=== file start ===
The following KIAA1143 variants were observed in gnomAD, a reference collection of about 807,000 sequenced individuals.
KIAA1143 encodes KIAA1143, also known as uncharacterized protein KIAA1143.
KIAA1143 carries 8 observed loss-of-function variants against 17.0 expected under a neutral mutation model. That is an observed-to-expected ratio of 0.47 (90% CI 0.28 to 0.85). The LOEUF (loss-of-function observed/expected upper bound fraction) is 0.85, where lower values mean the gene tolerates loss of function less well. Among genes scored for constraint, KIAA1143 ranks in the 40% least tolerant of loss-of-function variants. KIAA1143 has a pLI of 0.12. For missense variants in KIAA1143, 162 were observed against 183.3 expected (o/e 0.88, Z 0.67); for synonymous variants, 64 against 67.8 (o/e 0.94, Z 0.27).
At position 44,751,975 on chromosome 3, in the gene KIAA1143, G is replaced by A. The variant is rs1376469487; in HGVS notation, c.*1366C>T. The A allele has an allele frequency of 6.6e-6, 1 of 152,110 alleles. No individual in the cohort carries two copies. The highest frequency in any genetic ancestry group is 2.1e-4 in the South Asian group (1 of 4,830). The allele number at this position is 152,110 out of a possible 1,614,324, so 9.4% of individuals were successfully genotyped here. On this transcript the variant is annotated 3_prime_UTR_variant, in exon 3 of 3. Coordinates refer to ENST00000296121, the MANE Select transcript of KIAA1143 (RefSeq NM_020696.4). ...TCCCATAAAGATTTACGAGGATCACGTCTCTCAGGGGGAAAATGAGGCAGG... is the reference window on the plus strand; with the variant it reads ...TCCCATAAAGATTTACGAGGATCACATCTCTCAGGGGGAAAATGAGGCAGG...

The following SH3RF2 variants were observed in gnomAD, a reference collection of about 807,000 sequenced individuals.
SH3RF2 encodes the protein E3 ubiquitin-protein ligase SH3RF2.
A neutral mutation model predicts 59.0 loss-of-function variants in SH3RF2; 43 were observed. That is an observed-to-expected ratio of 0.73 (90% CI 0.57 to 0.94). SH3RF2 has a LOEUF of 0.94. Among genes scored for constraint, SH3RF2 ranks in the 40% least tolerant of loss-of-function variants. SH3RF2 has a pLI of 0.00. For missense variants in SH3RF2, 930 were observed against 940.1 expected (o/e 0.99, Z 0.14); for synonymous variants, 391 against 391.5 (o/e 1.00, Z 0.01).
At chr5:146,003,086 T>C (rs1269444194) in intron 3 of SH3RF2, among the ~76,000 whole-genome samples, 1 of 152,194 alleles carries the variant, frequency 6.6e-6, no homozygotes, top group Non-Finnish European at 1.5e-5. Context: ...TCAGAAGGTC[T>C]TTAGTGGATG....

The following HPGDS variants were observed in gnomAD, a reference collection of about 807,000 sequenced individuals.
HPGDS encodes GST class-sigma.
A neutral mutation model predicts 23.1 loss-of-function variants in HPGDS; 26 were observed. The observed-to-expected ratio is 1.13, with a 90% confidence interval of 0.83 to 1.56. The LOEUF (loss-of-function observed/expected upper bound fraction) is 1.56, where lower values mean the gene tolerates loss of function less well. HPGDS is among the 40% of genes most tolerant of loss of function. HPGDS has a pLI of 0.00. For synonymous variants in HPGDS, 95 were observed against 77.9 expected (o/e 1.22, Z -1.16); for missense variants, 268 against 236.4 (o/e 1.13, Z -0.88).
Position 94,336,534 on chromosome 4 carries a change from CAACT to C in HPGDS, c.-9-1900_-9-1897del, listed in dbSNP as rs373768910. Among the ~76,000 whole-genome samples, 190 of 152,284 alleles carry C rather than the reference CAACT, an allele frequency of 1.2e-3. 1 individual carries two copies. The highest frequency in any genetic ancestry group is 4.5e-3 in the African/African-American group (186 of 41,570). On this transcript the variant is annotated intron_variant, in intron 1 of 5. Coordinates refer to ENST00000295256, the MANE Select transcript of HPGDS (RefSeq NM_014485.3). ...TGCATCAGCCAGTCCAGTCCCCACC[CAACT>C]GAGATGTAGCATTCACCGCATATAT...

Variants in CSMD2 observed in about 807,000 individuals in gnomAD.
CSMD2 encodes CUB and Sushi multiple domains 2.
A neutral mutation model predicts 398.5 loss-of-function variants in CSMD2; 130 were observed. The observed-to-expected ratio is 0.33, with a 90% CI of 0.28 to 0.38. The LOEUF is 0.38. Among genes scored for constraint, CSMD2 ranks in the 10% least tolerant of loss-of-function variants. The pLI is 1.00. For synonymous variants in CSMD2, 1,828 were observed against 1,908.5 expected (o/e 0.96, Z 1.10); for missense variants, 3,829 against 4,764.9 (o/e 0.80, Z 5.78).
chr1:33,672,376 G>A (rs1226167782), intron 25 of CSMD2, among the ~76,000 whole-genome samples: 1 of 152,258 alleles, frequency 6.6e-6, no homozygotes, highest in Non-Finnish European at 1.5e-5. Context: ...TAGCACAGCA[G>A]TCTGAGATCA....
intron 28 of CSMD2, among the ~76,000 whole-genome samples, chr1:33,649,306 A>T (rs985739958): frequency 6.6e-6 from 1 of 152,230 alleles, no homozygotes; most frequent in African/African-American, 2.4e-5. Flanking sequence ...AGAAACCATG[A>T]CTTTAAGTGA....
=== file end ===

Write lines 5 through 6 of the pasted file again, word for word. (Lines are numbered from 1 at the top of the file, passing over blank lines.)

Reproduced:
The following SH3RF2 variants were observed in gnomAD, a reference collection of about 807,000 sequenced individuals.
SH3RF2 encodes the protein E3 ubiquitin-protein ligase SH3RF2.